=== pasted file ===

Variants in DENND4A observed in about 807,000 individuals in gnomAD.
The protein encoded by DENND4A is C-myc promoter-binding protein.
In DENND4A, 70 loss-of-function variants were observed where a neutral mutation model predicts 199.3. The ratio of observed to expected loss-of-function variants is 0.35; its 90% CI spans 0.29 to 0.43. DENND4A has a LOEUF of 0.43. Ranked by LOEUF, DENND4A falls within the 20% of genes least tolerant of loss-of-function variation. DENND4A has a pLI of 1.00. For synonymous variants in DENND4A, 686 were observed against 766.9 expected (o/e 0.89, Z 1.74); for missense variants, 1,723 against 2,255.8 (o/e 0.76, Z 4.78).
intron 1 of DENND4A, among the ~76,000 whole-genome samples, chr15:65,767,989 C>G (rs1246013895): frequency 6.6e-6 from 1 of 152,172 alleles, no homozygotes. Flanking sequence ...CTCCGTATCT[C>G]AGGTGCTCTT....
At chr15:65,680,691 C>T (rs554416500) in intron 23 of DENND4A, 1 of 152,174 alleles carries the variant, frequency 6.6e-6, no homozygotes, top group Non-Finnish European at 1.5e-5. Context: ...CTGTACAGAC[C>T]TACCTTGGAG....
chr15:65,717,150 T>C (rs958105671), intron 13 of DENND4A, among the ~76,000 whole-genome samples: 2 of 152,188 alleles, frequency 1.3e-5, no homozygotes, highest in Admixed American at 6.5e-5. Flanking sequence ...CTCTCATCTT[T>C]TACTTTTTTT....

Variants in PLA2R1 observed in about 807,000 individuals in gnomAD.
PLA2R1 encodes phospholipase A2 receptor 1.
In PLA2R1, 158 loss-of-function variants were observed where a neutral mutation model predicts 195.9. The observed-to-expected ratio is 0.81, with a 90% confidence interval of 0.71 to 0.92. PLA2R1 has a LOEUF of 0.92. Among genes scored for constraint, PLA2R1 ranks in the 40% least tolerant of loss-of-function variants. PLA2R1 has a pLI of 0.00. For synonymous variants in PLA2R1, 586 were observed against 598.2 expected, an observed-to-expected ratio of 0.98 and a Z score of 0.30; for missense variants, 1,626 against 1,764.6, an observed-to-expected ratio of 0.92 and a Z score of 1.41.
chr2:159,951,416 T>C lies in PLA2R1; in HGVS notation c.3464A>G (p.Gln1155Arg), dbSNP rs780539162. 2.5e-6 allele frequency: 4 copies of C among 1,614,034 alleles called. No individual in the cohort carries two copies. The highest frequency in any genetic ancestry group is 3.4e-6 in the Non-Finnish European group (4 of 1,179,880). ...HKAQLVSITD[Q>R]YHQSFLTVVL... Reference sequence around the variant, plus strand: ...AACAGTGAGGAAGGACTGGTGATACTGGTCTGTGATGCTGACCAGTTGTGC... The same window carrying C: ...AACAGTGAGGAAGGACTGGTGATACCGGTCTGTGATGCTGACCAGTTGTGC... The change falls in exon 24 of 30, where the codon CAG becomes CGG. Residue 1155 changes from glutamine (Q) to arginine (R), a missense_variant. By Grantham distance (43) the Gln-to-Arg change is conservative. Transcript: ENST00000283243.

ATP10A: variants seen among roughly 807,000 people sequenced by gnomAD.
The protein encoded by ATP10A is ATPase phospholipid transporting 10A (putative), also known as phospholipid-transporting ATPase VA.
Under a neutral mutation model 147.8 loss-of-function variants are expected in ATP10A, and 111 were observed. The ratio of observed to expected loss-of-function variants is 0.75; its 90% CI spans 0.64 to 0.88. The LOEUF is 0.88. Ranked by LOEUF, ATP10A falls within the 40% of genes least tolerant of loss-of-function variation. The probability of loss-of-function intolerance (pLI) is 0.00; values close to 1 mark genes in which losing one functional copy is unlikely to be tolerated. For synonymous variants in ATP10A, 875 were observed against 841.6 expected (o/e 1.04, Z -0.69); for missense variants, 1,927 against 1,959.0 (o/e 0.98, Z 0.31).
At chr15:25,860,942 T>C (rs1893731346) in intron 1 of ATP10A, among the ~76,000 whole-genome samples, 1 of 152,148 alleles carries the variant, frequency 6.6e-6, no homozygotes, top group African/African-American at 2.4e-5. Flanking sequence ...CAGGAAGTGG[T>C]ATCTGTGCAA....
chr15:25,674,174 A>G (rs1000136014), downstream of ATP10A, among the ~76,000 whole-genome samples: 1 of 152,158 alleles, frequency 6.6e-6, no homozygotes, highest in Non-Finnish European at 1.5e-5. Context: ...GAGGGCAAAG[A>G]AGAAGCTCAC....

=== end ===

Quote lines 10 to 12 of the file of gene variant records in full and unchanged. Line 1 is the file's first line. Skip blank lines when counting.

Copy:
chr2:159,951,416 T>C lies in PLA2R1; in HGVS notation c.3464A>G (p.Gln1155Arg), dbSNP rs780539162. 2.5e-6 allele frequency: 4 copies of C among 1,614,034 alleles called. No individual in the cohort carries two copies. The highest frequency in any genetic ancestry group is 3.4e-6 in the Non-Finnish European group (4 of 1,179,880). ...HKAQLVSITD[Q>R]YHQSFLTVVL... Reference sequence around the variant, plus strand: ...AACAGTGAGGAAGGACTGGTGATACTGGTCTGTGATGCTGACCAGTTGTGC... The same window carrying C: ...AACAGTGAGGAAGGACTGGTGATACCGGTCTGTGATGCTGACCAGTTGTGC... The change falls in exon 24 of 30, where the codon CAG becomes CGG. Residue 1155 changes from glutamine (Q) to arginine (R), a missense_variant. By Grantham distance (43) the Gln-to-Arg change is conservative. Transcript: ENST00000283243.

ATP10A: variants seen among roughly 807,000 people sequenced by gnomAD.
The protein encoded by ATP10A is ATPase phospholipid transporting 10A (putative), also known as phospholipid-transporting ATPase VA.